Absalom, impatient to become king himself, gathers support and foments rebellion against his father, David, forcing him to flee Jerusalem. Second king of Israel, David united the northern and southern kingdoms. More is emotionally torn between preserving his throne and preserving the life of his rebellious son. Upon David’s return to Jerusalem, Sheba revolts.
Chapters 15-20 are best understood as the result of David’s sin in the matter of Bathsheba and Uriah. Though his reasons for doing so are obscure, David’s flight from the city and his later return provide necessary structural clues for this long segment that consists largely of meetings, encounters, and discussions between an array of characters:
A The son of King David who tried to usurp David's throne. More rebels against David (15:1-12)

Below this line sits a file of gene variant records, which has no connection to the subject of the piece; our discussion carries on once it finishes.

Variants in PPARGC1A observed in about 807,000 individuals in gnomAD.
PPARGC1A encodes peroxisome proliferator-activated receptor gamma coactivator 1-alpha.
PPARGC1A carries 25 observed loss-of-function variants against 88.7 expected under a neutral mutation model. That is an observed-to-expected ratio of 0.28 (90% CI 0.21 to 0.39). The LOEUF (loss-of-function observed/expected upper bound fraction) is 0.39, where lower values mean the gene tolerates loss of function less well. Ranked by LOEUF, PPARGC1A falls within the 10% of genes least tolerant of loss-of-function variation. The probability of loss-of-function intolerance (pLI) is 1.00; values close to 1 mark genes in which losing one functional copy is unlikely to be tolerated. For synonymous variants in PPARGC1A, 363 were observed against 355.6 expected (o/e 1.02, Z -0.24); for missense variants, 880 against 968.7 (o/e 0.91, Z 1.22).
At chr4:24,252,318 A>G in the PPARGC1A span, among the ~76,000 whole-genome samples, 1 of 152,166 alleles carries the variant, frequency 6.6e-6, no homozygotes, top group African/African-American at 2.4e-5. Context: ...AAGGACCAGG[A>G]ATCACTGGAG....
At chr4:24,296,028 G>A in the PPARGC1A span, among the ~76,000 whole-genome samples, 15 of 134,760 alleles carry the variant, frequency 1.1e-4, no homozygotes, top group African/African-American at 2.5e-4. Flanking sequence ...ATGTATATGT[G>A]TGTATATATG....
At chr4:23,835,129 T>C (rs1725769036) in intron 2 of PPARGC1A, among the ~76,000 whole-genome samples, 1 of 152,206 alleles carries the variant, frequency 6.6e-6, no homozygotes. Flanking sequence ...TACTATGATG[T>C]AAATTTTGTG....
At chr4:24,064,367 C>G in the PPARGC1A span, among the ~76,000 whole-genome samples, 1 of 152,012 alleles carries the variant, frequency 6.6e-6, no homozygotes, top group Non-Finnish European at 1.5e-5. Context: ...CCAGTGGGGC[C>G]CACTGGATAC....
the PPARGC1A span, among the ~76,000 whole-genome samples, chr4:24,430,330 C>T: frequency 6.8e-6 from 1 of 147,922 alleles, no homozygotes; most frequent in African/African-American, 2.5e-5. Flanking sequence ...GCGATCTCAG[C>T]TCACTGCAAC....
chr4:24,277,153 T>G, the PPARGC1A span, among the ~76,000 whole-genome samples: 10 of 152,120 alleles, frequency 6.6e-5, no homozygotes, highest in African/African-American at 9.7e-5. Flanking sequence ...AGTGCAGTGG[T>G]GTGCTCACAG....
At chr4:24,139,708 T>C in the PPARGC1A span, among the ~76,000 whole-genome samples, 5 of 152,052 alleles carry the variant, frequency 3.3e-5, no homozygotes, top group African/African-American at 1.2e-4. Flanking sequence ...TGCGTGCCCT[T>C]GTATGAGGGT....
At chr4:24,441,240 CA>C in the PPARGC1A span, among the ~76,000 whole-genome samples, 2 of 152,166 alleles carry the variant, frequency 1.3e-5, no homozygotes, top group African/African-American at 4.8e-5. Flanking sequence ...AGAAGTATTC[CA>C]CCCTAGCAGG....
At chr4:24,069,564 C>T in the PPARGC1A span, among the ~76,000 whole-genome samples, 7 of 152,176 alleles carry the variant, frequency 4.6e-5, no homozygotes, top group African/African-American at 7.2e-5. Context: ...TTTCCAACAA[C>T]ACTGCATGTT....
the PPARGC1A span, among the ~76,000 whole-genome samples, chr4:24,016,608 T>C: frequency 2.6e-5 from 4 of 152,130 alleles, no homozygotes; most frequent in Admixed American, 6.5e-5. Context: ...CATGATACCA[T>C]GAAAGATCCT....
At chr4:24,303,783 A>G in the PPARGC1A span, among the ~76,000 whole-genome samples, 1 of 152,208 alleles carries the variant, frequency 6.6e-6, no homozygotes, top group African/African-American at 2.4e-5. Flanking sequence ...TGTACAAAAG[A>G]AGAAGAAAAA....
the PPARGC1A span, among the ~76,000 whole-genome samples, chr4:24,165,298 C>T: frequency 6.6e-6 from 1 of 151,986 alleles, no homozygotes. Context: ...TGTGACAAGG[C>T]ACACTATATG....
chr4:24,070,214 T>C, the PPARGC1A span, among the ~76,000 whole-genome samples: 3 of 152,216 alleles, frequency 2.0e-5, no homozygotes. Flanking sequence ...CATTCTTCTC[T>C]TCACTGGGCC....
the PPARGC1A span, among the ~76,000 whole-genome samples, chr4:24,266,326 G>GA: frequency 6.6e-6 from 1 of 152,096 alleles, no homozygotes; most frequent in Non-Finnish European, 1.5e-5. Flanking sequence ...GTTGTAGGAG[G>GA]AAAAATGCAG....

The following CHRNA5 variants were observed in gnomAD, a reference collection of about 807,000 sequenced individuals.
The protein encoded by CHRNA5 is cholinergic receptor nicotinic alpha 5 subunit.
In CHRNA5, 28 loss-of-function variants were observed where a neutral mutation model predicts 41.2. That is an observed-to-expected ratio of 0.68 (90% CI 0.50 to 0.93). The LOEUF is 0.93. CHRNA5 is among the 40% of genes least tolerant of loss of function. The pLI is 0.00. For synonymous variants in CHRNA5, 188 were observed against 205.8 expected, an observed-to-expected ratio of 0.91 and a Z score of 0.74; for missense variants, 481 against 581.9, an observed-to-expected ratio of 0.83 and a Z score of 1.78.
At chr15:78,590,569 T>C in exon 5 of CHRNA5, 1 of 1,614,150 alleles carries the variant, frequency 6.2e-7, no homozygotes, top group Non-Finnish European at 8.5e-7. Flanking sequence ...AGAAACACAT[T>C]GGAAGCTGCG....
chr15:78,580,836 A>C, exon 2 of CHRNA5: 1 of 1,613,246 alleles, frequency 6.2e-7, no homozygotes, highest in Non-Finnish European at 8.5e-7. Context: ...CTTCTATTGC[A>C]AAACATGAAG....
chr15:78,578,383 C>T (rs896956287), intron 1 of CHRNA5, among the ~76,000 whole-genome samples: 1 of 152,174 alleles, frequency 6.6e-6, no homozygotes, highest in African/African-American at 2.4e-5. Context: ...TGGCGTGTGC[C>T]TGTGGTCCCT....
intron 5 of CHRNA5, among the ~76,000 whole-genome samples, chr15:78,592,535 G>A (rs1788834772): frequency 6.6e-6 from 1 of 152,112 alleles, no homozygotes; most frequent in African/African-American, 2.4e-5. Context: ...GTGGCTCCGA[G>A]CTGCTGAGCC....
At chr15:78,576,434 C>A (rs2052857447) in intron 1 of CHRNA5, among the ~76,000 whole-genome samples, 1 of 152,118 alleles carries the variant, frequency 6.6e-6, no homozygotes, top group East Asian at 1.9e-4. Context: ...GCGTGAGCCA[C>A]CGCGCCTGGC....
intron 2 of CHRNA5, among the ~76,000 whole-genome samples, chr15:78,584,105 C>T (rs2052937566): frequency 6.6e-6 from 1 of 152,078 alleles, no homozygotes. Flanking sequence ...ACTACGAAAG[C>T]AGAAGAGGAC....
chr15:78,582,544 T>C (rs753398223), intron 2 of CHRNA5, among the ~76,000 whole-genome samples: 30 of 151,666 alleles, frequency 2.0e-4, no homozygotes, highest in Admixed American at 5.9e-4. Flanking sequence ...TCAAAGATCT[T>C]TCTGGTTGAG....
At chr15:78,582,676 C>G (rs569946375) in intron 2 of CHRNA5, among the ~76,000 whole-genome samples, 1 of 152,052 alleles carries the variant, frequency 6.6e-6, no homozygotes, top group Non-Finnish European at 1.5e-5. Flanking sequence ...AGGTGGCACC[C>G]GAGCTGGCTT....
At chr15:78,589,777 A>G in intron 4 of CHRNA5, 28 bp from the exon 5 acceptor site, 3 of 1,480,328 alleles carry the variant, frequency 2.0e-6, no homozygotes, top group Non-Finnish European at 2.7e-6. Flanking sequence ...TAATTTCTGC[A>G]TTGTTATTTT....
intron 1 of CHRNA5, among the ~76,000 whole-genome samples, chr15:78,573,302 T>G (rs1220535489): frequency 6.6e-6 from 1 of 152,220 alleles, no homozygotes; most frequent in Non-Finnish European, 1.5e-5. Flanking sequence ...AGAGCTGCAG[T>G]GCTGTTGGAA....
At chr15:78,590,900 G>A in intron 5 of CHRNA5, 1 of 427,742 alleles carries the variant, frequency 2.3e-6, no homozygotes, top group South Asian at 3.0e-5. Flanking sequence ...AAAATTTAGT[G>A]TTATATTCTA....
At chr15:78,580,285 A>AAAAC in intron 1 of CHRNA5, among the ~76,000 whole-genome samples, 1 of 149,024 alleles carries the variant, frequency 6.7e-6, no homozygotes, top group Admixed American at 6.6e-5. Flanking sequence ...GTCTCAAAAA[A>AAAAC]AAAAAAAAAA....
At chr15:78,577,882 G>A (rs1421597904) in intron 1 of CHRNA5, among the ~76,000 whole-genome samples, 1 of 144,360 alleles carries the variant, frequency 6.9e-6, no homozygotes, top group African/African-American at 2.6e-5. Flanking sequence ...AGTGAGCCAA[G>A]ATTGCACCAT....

B David flees (15:13-31)
C David meets with loyal Hushai (15:32-37)
D David meets with Mephibosheth’s servant (16:1-4)
E David meets with Shimei (16:5-14)
F Hushai versus Ahithophel (16:15-17:14)
X Hushai’s plan (17:15-29)
F′ David versus Absalom (18:1-19:15)
E′ David meets with Shimei (19:16-23)
D′ David meets with Mephibosheth (19:24-30)
C′ David meets with loyal Barzillai (19:31-38)
B′ David returns (19:39-43)
A′ Sheba rebels against David (20:1-22)
All this, of course, is seen as the inevitable working out of the consequences of David’s sin against Wife of David and mother of Solomon. More and One of King David's military heroes and the husband of Bathsheba More. Earlier consequences had included the rape of his daughter by his son, that son’s murder by his half-brother who became totally alienated from his father as a result. The meager reconciliation between father and son did not last as Absalom’s utter revolt drives much of these chapters and divides the nation as much as it divides David in his conflicted roles as father and king.